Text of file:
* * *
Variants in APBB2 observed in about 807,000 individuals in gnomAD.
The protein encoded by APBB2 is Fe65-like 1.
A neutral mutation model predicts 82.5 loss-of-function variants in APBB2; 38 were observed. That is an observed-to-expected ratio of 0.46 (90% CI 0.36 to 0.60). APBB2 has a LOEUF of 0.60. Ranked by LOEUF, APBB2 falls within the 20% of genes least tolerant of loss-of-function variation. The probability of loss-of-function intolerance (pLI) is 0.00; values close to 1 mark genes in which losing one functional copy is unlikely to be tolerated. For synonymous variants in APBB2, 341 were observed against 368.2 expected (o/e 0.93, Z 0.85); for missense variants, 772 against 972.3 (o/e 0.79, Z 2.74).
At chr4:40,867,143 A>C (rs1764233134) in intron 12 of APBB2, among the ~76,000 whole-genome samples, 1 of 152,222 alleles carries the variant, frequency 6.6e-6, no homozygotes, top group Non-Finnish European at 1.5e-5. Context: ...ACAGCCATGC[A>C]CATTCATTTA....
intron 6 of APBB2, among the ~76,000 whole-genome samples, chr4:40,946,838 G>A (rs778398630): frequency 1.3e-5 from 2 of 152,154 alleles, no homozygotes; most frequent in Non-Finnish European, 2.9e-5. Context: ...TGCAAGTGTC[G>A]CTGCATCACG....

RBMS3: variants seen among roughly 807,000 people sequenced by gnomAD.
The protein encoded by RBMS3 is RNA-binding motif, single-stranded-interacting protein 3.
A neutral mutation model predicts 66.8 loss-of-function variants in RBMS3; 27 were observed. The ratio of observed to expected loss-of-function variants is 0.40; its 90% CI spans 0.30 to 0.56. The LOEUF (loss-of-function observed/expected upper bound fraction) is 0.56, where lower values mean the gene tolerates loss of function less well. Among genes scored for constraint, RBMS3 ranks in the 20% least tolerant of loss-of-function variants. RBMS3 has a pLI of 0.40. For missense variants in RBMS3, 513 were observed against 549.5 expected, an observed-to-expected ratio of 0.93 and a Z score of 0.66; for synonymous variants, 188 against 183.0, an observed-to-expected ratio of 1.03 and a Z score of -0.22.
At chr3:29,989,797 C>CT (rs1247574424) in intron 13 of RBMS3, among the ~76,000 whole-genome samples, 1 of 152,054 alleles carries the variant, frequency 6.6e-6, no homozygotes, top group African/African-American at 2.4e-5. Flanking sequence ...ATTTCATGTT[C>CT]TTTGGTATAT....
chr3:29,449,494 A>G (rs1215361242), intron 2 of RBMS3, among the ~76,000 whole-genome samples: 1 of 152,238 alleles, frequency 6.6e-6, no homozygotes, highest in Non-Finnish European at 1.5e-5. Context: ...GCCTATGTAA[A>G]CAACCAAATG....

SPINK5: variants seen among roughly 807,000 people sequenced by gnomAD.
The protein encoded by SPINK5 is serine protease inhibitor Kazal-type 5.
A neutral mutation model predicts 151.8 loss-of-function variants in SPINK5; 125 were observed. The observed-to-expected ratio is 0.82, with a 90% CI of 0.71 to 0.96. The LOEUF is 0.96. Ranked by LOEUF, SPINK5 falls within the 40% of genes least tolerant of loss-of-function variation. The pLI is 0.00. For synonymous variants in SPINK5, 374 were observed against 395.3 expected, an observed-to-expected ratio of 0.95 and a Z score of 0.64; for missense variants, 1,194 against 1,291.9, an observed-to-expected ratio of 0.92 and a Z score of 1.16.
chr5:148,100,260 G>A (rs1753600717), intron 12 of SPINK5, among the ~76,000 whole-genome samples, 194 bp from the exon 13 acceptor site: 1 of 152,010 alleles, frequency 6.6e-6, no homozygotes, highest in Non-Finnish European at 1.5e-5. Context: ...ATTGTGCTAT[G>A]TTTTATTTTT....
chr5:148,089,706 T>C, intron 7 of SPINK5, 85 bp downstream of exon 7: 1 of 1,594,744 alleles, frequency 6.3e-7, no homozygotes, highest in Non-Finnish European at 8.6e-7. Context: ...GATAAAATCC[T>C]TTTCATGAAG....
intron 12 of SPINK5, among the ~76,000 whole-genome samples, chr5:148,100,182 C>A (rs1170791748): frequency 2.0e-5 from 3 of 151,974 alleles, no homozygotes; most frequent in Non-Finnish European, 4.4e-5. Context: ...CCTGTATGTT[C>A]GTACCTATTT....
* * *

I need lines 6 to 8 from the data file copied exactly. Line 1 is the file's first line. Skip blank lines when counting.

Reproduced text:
RBMS3: variants seen among roughly 807,000 people sequenced by gnomAD.
The protein encoded by RBMS3 is RNA-binding motif, single-stranded-interacting protein 3.
A neutral mutation model predicts 66.8 loss-of-function variants in RBMS3; 27 were observed. The ratio of observed to expected loss-of-function variants is 0.40; its 90% CI spans 0.30 to 0.56. The LOEUF (loss-of-function observed/expected upper bound fraction) is 0.56, where lower values mean the gene tolerates loss of function less well. Among genes scored for constraint, RBMS3 ranks in the 20% least tolerant of loss-of-function variants. RBMS3 has a pLI of 0.40. For missense variants in RBMS3, 513 were observed against 549.5 expected, an observed-to-expected ratio of 0.93 and a Z score of 0.66; for synonymous variants, 188 against 183.0, an observed-to-expected ratio of 1.03 and a Z score of -0.22.